Stenfors Alexis & Susai Masayuki
Journal of Economic Issues, Vol. 52, 2018/2.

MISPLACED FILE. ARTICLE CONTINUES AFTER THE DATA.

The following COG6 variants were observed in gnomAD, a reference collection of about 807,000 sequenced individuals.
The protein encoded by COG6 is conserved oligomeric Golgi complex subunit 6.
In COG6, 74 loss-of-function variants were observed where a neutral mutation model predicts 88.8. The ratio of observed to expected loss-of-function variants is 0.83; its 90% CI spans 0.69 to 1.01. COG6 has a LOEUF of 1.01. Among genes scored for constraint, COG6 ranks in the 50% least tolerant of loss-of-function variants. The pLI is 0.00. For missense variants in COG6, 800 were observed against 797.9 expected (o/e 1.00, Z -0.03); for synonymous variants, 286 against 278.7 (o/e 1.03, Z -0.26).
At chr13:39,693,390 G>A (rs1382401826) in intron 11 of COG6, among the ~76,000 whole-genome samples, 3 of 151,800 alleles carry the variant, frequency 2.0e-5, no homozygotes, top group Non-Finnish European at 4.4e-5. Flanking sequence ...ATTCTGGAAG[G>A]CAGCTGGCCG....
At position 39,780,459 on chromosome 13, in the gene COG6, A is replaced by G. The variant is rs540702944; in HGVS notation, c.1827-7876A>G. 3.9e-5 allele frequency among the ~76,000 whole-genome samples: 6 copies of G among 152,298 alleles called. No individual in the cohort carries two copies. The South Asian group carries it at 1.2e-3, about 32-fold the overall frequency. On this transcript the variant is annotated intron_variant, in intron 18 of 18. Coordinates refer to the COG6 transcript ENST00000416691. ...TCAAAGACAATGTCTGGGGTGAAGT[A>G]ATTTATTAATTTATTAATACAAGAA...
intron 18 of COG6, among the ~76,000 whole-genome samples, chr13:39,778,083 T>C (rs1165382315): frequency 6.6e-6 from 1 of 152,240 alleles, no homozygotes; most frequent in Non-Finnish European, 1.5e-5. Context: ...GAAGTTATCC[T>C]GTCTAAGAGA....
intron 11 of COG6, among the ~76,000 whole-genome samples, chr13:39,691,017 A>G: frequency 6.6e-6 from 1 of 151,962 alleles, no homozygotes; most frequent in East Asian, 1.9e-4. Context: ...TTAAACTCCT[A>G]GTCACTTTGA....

Conventions, or “that the existing state of affairs will continue indefinitely, except in so far as we have specific reasons to expect a change” (Keynes 1936), play a central role in over-the-counter markets. For instance, by allowing expectations about the future to become more harmonized and orderly, they act as stabilizers for the provision of liquidity. Conventions might, of course, change at any time. Nonetheless, by being attached to the daily trading routine and/or integrated within the institutional structure, the confidence in their relevance and validity can be long-lasting. In the foreign exchange market, in particular, where prices are quoted to end-users on demand, market-making banks rely on a convention to quote prices to each other to maintain liquidity. [Weiterlesen]